"■Although wood smoke conjures up fond memories of sitting by a cozy fire, it is important to know that the components of wood smoke and cigarette smoke are quite similar, and that many components of both are carcinogenic. Wood smoke contains fine particulate matter, carbon monoxide, formaldehyde, sulfur dioxide and various irritant gases such as nitrogen oxides that can scar the lungs. Wood smoke also contains chemicals known or suspected to be carcinogens, such as polycyclic aromatic hydrocarbons (PAHs) and dioxin. ■Wood smoke interferes with normal lung development in infants and children. It also increases children’s risk of lower respiratory infections such as bronchitis and pneumonia. ■Wood smoke exposure can depress the immune system and damage the layer of cells in the lungs that protect and cleanse the airways. ■According to the Environmental Protection Agency (EPA), toxic air pollutants are components of wood smoke. Wood smoke can cause coughs, headaches, eye, and throat irritation in otherwise healthy people. ■For vulnerable populations, such as people with asthma, chronic respiratory disease and those with cardiovascular disease, wood smoke is particularly harmful— even short exposures can prove dangerous. ■The particles of wood smoke are extremely small and therefore are not filtered out by the nose or the upper respiratory system. Instead, these small particles end up deep in the lungs where they remain for months, causing structural damage and chemical changes. Wood smoke’s carcinogenic chemicals adhere to these tiny particles, which enter deep into the lungs. ■Recent studies show that fine particles that go deep into the lungs increase the risk of heart attacks and strokes. EPA warns that for people with heart disease, short- term exposures have been linked to heart attacks and arrhythmias. If you have heart disease, these tiny particles may cause you to experience chest pain, palpitations, shortness of breath, and fatigue."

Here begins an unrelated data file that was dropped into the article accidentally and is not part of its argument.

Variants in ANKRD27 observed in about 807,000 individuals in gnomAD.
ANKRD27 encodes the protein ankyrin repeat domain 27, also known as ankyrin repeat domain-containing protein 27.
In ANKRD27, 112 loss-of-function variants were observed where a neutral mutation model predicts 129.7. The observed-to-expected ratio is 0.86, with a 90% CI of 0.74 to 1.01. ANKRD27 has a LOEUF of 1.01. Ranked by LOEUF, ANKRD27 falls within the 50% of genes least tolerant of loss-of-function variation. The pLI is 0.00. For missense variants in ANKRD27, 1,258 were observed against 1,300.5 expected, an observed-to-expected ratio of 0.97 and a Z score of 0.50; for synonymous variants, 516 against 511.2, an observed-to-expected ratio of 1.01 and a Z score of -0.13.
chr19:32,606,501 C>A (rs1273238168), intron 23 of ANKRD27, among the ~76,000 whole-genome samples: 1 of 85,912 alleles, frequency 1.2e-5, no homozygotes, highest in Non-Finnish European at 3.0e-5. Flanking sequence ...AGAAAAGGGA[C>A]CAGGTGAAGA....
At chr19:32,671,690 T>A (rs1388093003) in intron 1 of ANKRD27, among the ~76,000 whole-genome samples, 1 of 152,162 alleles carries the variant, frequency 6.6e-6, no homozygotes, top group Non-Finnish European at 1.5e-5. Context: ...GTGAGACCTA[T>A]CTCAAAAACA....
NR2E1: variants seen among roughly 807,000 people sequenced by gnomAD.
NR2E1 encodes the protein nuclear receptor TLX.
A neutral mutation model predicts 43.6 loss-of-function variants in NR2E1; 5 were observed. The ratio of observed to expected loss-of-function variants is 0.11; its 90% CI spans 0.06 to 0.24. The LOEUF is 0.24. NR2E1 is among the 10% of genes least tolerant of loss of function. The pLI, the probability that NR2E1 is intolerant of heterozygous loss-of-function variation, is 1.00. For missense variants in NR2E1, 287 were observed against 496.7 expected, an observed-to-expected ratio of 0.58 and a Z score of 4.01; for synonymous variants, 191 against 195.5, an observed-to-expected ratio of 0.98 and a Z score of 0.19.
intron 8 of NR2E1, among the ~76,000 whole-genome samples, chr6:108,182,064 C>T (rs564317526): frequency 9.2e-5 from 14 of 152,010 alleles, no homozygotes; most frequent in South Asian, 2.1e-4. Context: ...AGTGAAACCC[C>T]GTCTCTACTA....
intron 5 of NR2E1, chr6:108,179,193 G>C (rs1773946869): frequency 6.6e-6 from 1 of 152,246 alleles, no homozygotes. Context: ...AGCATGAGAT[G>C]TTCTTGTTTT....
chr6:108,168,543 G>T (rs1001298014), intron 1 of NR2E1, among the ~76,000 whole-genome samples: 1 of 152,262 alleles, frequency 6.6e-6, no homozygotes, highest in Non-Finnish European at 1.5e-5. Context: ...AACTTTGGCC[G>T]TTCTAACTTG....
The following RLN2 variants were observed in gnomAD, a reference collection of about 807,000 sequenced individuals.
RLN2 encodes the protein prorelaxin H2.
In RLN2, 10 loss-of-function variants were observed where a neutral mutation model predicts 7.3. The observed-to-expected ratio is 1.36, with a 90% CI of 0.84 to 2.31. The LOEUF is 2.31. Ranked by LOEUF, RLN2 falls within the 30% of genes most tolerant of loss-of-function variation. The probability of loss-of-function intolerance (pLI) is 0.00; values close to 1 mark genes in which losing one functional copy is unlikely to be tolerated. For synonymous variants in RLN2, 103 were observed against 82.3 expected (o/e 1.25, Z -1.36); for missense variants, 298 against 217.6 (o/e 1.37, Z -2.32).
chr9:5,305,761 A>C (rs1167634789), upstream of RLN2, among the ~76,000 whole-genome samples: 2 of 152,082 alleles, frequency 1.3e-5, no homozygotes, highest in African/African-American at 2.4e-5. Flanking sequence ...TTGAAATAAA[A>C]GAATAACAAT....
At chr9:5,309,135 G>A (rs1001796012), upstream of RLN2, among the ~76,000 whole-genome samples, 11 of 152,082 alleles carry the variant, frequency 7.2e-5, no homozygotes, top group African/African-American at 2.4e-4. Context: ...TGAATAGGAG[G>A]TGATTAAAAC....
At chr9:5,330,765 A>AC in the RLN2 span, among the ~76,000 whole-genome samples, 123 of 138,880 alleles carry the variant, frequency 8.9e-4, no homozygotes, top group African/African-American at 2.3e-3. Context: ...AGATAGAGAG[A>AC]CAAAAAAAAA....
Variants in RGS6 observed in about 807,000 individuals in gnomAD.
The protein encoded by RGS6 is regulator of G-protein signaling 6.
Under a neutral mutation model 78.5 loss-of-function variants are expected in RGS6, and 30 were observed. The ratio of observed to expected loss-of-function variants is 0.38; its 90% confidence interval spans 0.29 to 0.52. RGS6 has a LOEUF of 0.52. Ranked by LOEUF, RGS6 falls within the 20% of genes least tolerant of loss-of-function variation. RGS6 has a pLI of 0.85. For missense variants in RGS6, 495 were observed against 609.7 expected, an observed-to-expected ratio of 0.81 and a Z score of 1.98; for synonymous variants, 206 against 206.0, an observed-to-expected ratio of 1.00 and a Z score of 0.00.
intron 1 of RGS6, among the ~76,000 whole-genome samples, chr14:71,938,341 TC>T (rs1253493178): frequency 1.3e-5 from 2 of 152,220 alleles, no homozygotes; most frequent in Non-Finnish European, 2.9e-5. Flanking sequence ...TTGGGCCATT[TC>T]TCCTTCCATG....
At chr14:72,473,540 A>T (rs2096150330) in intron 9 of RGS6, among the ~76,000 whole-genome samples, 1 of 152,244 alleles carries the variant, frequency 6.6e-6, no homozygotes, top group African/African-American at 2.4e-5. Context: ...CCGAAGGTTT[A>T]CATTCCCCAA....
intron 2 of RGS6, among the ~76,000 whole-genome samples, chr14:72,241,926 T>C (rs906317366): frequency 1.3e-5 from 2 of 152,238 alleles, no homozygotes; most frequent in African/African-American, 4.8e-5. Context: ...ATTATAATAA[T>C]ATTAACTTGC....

and loads of other stuff mainly from the US.